Can All-Accuracy Accounts Justify Evidential Norms?

In Kristoffer Ahlstrom-Vij & Jeff Dunn (eds.), Epistemic Consequentialism. Oxford: Oxford University Press (2018)
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Some of the most interesting recent work in formal epistemology has focused on developing accuracy-based approaches to justifying Bayesian norms. These approaches are interesting not only because they offer new ways to justify these norms, but because they potentially offer a way to justify all of these norms by appeal to a single, attractive epistemic goal: having accurate beliefs. Recently, Easwaran & Fitelson (2012) have raised worries regarding whether such “all-accuracy” or “purely alethic” approaches can accommodate and justify evidential Bayesian norms. In response, proponents of purely alethic approaches, such as Pettigrew (2013b) and Joyce (2016), have argued that scoring rule arguments provide us with compatible and purely alethic justifications for the traditional Bayesian norms, including evidential norms. In this paper I raise several challenges to this claim. First, I argue that many of the justifications these scoring rule arguments provide are not compatible. Second, I raise worries for the claim that these scoring rule arguments provide purely alethic justifications. Third, I turn to assess the more general question of whether purely alethic justifications for evidential norms are even possible, and argue that, without making some contentious assumptions, they are not. Fourth, I raise some further worries for the possibility of providing purely alethic justifications for content-sensitive evidential norms, like the Principal Principle.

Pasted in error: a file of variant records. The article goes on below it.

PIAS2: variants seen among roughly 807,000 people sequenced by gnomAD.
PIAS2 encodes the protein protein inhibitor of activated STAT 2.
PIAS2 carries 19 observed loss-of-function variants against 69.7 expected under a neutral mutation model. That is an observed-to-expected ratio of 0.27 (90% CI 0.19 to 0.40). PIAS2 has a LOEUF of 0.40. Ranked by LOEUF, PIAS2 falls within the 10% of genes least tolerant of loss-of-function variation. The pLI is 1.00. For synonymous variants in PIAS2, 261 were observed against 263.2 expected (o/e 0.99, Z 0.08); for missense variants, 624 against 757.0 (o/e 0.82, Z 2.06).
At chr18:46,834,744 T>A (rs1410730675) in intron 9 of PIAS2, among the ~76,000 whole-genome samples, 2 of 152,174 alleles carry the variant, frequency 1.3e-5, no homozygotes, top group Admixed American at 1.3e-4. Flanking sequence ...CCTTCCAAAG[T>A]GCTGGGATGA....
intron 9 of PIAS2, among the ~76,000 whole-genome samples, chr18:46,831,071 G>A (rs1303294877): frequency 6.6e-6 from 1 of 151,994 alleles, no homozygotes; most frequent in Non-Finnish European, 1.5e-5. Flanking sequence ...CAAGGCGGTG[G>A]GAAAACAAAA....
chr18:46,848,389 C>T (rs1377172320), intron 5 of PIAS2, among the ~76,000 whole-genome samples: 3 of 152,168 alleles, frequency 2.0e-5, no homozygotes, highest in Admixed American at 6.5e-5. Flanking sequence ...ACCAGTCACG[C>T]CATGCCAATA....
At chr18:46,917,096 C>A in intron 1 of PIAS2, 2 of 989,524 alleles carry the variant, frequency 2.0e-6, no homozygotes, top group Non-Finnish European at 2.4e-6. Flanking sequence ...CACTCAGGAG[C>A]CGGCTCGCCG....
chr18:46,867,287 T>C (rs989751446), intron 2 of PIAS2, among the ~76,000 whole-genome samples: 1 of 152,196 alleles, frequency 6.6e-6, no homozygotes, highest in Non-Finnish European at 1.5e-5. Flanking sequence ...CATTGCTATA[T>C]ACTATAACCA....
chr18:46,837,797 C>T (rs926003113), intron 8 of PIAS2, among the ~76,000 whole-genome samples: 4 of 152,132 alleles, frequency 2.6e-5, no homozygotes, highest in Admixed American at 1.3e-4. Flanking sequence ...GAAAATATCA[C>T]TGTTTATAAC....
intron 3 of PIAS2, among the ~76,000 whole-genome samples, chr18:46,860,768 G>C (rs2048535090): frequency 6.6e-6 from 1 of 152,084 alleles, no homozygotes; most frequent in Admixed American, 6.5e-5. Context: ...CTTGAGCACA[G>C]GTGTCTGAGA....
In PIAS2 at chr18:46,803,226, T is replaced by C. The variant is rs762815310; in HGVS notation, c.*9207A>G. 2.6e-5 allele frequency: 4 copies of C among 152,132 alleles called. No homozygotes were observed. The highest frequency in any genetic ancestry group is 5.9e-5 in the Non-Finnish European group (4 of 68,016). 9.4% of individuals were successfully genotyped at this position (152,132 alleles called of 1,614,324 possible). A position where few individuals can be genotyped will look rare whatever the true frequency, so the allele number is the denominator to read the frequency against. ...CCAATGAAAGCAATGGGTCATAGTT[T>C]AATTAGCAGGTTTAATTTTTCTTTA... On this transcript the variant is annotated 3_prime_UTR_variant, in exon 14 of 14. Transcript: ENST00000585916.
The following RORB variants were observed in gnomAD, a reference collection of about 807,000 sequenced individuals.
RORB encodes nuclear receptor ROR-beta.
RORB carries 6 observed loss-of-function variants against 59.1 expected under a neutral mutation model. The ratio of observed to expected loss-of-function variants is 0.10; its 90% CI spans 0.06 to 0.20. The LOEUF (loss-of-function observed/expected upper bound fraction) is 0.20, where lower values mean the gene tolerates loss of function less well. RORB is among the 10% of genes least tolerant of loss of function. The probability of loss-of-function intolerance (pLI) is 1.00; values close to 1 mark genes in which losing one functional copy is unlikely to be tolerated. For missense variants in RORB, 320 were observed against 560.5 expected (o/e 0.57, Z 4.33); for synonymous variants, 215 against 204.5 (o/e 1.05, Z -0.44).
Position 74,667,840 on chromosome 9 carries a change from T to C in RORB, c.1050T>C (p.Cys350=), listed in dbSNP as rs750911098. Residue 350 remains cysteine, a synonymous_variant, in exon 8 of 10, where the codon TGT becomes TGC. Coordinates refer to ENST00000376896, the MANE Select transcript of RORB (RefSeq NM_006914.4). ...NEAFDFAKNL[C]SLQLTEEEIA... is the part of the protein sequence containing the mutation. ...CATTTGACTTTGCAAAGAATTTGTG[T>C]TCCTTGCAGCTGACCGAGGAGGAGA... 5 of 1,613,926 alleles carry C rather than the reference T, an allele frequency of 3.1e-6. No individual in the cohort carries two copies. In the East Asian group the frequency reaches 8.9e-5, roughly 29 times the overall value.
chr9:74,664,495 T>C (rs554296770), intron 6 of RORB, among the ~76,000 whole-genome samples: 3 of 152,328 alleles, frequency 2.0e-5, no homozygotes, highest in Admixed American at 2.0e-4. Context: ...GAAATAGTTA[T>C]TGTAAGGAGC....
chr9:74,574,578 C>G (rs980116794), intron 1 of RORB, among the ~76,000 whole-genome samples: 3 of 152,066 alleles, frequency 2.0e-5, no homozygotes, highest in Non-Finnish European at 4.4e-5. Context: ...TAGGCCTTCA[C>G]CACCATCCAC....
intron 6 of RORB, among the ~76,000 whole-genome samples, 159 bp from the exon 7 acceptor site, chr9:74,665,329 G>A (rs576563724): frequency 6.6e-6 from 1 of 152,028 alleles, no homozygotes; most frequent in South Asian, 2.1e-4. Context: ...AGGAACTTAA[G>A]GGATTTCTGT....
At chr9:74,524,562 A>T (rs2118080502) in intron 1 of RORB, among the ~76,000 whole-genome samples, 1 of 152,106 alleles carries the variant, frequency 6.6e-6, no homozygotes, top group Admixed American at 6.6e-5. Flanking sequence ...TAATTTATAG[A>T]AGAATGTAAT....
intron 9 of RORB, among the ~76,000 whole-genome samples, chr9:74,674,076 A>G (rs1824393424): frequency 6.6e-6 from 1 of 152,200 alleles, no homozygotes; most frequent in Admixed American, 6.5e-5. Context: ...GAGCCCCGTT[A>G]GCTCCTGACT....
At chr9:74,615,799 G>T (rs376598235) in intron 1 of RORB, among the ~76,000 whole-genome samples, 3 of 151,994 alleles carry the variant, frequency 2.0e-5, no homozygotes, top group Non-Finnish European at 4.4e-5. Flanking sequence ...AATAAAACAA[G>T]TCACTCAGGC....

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Christopher J. G. Meacham
University of Massachusetts, Amherst

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